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On 3/1/10 6:19 AM, in article hmgbc3$226p$ snipped-for-privacy@adenine.netfront.net, "Erehwon"

I've never seen a car of any make that provided a switch to turn off ABS. What make was that?
I agree with you about ABS on ice & snow. It is decidedly worse. Long slow stops gentle enough to keep the ABS from engaging are pretty much the only way you can make it stop.
To disable ABS on a Honda, just pull the fuse. The ABS warning light will stay on & you will have normal braking. Since VSA also depends on ABS in its implementation, it will likely be disabled as well.
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Erehwon wrote:

Seems to me you need winter tires. My 2004 Civic stops well enough in snow with ABS and winter tires.
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Perhaps I'm mistaken about having a "feature" to disable ABS on rental cars I've used. That was my recollection but, since the rentals were generally in the summer, there wouldn't have been a need to disable. After 40+ years of driving without ABS, however, I've had my share of slips, slides, and skids, and still felt more comfortable without ABS than I do now. To each their own, I guess. It's nice to have the steering control so I can choose between the ditch, the oncoming lane, or the car in front of me but I'd prefer to be able to stop a bit more quickly and avoid all three. I imagine winter tires could be an option, although I've never used them in the past. Anyway, just a curiosity item. I actually thought the VSA/ABS would be a good idea for winter driving and bought the Honda because none of the local Toyota dealers had any Camry's on the lot with Toyota's (optional) equivalent of VSA. Of course I hear that Toyotas have their own issues with stopping . . .
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On 3/1/2010 8:46 PM, Erehwon wrote:

AFAIK, you'll not find a car sold in America (other than vintage) that is not ABS equipped with ABS. VSA (electronic posi-traction) is selectable and not available on all cars (AFAIK) but they are two separate animals.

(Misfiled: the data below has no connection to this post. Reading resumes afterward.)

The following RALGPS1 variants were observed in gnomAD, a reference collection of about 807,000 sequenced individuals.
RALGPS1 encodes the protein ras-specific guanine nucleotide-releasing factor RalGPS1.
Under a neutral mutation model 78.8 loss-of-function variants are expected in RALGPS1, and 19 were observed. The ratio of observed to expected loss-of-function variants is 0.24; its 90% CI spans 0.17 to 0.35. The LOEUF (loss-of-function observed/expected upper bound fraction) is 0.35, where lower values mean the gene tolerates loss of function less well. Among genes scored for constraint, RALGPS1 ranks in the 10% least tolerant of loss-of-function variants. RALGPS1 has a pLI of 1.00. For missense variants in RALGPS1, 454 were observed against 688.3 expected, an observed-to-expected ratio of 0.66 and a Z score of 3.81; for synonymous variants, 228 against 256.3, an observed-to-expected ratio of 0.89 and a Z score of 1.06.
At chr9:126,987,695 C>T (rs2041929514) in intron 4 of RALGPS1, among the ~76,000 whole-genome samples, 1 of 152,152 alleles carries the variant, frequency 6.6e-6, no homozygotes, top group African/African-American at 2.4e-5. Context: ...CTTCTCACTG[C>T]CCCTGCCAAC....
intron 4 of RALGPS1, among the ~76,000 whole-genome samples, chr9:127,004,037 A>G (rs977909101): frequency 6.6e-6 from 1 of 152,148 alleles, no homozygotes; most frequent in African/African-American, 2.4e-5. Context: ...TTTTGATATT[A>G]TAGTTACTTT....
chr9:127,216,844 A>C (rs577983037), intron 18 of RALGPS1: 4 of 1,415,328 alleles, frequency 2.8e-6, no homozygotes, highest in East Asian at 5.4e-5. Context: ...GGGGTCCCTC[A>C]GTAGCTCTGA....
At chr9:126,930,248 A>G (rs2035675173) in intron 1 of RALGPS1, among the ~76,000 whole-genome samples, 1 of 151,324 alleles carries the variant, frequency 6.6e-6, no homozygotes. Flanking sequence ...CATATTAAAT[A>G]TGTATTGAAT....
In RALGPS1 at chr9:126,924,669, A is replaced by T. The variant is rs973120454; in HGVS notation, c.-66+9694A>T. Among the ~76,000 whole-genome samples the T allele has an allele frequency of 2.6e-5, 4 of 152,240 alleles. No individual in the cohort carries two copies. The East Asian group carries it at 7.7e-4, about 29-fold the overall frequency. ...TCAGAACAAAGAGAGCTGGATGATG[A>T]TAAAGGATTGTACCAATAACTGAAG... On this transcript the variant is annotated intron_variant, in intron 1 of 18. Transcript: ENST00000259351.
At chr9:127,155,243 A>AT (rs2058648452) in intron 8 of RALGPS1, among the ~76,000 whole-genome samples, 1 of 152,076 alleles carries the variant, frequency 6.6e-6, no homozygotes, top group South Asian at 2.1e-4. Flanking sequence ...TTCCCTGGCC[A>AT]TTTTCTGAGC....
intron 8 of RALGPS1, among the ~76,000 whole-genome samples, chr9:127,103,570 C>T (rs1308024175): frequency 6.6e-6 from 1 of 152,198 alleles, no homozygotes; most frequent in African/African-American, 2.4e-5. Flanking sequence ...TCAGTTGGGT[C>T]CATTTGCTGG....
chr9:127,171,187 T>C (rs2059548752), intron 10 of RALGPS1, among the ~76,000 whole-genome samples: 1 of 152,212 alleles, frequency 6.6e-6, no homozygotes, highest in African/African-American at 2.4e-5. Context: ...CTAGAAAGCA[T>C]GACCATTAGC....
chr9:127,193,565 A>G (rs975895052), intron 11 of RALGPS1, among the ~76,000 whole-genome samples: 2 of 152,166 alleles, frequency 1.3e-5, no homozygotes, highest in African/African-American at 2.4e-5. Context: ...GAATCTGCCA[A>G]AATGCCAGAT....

In a panic stop mode, even with ABS, you retain control and steering. A locked wheel skids and with a resultant loss of steering. A rolling wheel gathers no moss and it also allows for continued maneuvering.
Universal introduction of ABS messed up a number of things in my life. Former law enforcement, it removed a number of high speed/low speed maneuvering options from my somewhat limited repertoire of "Hey, watch this!"<g> and also made crash reconstruction more difficult and time consuming since we rarely had tire marks to use for the calculation of minimum speeds. That said, I still swear by FWD and ABS (both messed up my stunt driving<g>) but I like them regardless.
Only car I have with RWD is my Corvette. After all, I'm not a fanatic about FWD<g>
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snip

snip
Electronic stability control From Wikipedia, the free encyclopedia
Electronic stability control (ESC) is a computerized technology that improves the safety of a vehicle's stability by detecting and minimizing skids. When ESC detects loss of steering control, ESC automatically applies the brakes to help "steer" the vehicle where the driver intends to go. Braking is automatically applied to individual wheels, such as the outer front wheel to counter oversteer, or the inner rear wheel to counter understeer. Some ESC systems also reduce engine power until control is regained.[1] Electronic stability control does not improve a vehicle's cornering performance; rather it helps to minimize a loss of control. In the United States, NHTSA estimates 5,300-9,600 traffic fatalities could be avoided if all passenger vehicles were equipped with the feature.[2] According to the IIHS one-third of fatal accidents could be prevented by the technology. [3]
By 2012 all cars sold in the USA MUST have ESC. Most have ESC today. And there's no switch to turn it off as there is in your (and my 2003) Corvette.
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Although the brakes will still work if you disable the ABS (for instance by pulling the fuse), you will not have the equivalent of a proerly designed non-ABS system. Most vehicles with ABS use the ABS to provide proper balancing of the braking force between the front and rear. Vehicles without ABS either include a mechanical proportioning valve, or size the brakes to provide proper front to rear brake balance. Since ABS equipped vehicles usually use the ABS to provide the front to rear brake balance, if you disable the ABS you are more likely to get in a situation where the rear brakes lock first. Cars often spin when the rear brakes lock first. Properly designed non-ABS systems are designed to have the front brakes lock up first. When this happens, the car usually plows straight ahead. Plowing straight ahead is usually preferred (and safer) than spinning.
Ed